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Southern Historical Society Papers, Volume 1. (ed. Reverend J. William Jones), The treatment of prisoners during the war between the States. (search)
and they are, to a greater or less extent, accountable for it all. Were full details given in relation to these matters, they would be astounding and perhaps incredible. In this place they are referred to with no disposition to exaggerate, nor to prejudice. Some of them could not, perhaps, have been well avoided, but are recorded simply as an offset to the Chaplain's details. The murder of Colonel E. P. Jones by a sentinel is thus described by Dr. Hardy in his diary, under date of July 3d, 1864: A lamentable affair occured at the rear, about dusk, this evening. Many persons are now suffering with diarrhea, and crowds are frequenting that neighborhood. The orders are to go by one path and return by the other. Two lines of men, going and coming, are in continual movement. I was returning from the frequented spot and, in much weakness, making my way back, when, suddenly, I heard the sentinel challenge from the top of the waterhouse. I had no idea he was speaking to me, un
The Atlanta (Georgia) Campaign: May 1 - September 8, 1864., Part I: General Report. (ed. Maj. George B. Davis, Mr. Leslie J. Perry, Mr. Joseph W. Kirkley), chapter 3 (search)
, 1864.Skirmishes at Cass Station and Cassville. Skirmish at Burnt Hickory (or Huntsville). Skirmish near Dallas. May 25-June 5, 1864.Operations on the line of Pumpkin Vine Creek, with combats at New Hope Church, Pickett's Mills, and other points. May 26-June 1, 1864.Combats at and about Dallas. May 27, 1864.Skirmish at Pond Springs, Ala. May 29, 1864.Action at Moulton, Ala. June 9, 1864.Skirmishes near Big Shanty and near Stilesborough. June 10, 1864.Skirmish at Calhoun. June 10-July 3, 1864.Operations about Marietta, with combats at Pine Hill, Lost Mountain, Brush Mountain, Gilgal Church, Noonday Creek, McAfee's Cross-Roads, Kenesaw Mountain, Powder Springs, Cheney's Farm, Kolb's Farm, Olley's Creek, Nickajack Creek, Noyes' Creek, and other points. June 24, 1864.Action at La Fayette. July 4, 1864.Skirmishes at Ruff's Mill, Neal Dow Station, and Rottenwood Creek. July 5-17, 1864.Operations on the line of the Chattahoochee River, with skirmishes at Howell's, Turner's, and
The Atlanta (Georgia) Campaign: May 1 - September 8, 1864., Part I: General Report. (ed. Maj. George B. Davis, Mr. Leslie J. Perry, Mr. Joseph W. Kirkley), chapter 21 (search)
advanced our lines, under a heavy fire, and threw up works, getting 1 man mortally wounded, who died the next day. From this date until the 27th nothing was done by us except slight skirmishing. On the 27th we formed in line in rear of the brigade at 9 a. m., the First Brigade, First Division, Fourth Army Corps, being in support of the Second Division, Fourth Army Corps, while making a charge on the enemy's works. Nothing of importance beside picket duty was done by us until the 3d day of July, 1864, when the enemy having left his strong position under cover of night, we moved out at 6 a. m., halting at Marietta College for a short time, then marched until 4 p. m., when we halted for the night five miles south of Marietta. On the morning of the 4th my command was ordered to support the skirmishers. We advanced in easy supporting distance until we came into a large open field, which had two ravines running parallel with my line. Here the enemy greeted me with a heavy fire of s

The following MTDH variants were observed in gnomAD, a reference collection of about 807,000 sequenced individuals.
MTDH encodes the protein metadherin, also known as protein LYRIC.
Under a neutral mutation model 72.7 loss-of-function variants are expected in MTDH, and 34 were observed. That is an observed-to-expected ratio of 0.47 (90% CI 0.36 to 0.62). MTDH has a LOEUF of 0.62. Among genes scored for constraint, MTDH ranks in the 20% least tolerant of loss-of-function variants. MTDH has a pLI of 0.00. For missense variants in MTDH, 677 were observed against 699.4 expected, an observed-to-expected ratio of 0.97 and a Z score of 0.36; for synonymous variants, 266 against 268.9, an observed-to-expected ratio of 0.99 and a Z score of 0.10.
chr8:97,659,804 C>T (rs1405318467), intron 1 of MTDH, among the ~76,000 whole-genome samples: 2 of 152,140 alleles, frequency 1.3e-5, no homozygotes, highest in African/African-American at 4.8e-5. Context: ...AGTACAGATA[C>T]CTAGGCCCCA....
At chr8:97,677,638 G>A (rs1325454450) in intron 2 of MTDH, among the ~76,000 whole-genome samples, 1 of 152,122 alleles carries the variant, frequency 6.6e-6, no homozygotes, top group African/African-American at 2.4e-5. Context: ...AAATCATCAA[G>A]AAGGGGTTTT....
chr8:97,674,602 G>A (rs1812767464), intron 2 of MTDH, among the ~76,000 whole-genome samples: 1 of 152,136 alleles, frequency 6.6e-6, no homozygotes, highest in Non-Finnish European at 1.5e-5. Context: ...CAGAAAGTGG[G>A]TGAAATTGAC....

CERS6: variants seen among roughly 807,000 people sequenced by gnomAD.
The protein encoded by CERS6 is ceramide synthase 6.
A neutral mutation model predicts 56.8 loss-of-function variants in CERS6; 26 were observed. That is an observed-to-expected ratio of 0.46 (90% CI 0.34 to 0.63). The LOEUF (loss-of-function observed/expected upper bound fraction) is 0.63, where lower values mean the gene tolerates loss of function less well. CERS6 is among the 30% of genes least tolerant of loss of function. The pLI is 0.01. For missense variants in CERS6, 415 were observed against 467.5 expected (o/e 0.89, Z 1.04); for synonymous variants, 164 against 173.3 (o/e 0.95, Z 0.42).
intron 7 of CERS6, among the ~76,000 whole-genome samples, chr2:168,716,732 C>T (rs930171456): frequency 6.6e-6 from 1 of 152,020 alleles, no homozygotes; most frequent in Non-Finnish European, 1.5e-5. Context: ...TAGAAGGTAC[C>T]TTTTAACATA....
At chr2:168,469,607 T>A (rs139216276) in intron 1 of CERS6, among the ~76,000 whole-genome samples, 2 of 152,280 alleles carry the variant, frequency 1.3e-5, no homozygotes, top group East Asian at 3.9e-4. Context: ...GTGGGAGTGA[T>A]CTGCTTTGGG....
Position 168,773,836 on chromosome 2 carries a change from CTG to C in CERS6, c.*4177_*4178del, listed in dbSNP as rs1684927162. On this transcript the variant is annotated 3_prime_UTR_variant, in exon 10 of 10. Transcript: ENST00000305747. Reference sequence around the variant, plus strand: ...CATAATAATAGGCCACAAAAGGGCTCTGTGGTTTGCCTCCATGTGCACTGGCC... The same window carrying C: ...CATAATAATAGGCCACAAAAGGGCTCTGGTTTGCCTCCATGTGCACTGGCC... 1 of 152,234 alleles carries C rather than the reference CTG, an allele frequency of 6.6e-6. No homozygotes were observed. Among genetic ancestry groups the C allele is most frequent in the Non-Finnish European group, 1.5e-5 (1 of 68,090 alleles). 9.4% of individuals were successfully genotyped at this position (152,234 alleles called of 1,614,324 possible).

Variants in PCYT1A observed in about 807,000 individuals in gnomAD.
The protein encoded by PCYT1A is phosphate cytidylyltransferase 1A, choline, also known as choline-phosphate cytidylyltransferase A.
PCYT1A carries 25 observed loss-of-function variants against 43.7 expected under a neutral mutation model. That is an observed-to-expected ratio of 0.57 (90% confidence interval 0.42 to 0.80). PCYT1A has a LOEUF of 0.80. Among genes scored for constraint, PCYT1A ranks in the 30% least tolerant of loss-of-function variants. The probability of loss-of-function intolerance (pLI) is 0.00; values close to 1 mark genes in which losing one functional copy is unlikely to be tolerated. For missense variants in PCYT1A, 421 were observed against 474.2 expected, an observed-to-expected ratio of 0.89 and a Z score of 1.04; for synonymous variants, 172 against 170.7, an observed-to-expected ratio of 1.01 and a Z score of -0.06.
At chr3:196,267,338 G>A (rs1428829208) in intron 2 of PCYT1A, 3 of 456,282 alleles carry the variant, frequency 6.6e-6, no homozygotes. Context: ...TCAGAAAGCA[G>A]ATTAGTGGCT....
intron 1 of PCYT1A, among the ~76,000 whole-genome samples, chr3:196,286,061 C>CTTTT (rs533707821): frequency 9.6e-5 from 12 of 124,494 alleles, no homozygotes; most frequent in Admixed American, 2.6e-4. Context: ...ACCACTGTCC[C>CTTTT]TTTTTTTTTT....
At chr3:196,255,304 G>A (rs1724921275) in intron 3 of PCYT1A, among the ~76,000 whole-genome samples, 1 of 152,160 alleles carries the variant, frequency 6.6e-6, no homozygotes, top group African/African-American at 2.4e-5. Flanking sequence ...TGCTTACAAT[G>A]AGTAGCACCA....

Benson J. Lossing, Pictorial Field Book of the Civil War. Volume 3., Chapter 13: invasion of Maryland and Pennsylvania-operations before Petersburg and in the Shenandoah Valley. (search)
s the Potomac into Maryland, with the threefold object, it appears, of drawing National troops from before Petersburg, procuring supplies, and attempting the capture of Washington City. Early quickly obeyed. With from 15,000 to 20,000 troops of all arms, Composed of two infantry corps, under Breckinridge and Rodes, a division of cavalry under Ransom, and three batteries of artillery. he swept rapidly down the Valley toward Williamsport. Sigel, too weak to resist the avalanche, fled July 3, 1864. into Maryland, with a heavy loss of stores, and General Weber, in command at Harper's Ferry, retired to Maryland Heights. Grant, meanwhile, had directed Hunter, who was then on the Kanawha, to hasten to Harper's Ferry with all possible dispatch; but insuperable obstacles kept him back until it was too late to be of essential service, and Early found no troops at hand to oppose his invasion, except a few in the Middle Department, commanded by General Lewis Wallace, whose Headquarters wer
General Joseph E. Johnston, Narrative of Military Operations During the Civil War, Memorandum for Colonel Browne, Aide-de-camp. (search)
E. Johnston. Near Marietta, June 29, 1864. General Braxton Bragg, Richmond: I recommend the assignment of Major-General Lovell to the command of Stewart's division. All quiet yesterday. (Signed) J. E. Johnston. Near Marietta, June 29, 1864. General Bragg, Richmond: I respectfully urge the importance of immediate decision on my recommendation of assignment of Lovell to Stewart's division. He is now serving as a volunteer — without command, of course. J. E. Johnston. July 3, 1864. General B. Bragg, Richmond: Stewart's division requires a commander immediately. It will be useless unless one is assigned. I again urge, most respectfully, the assignment of Major-General Lovell to it. (Signed) J. E. Johnston. Near Chattahoochee Railroad Bridge, July 8, 1864. His Excellency the President, Richmond: I have received your dispatch of yesterday. Our falling back has been slow. Every change of position has been reported to General Bragg. We have been force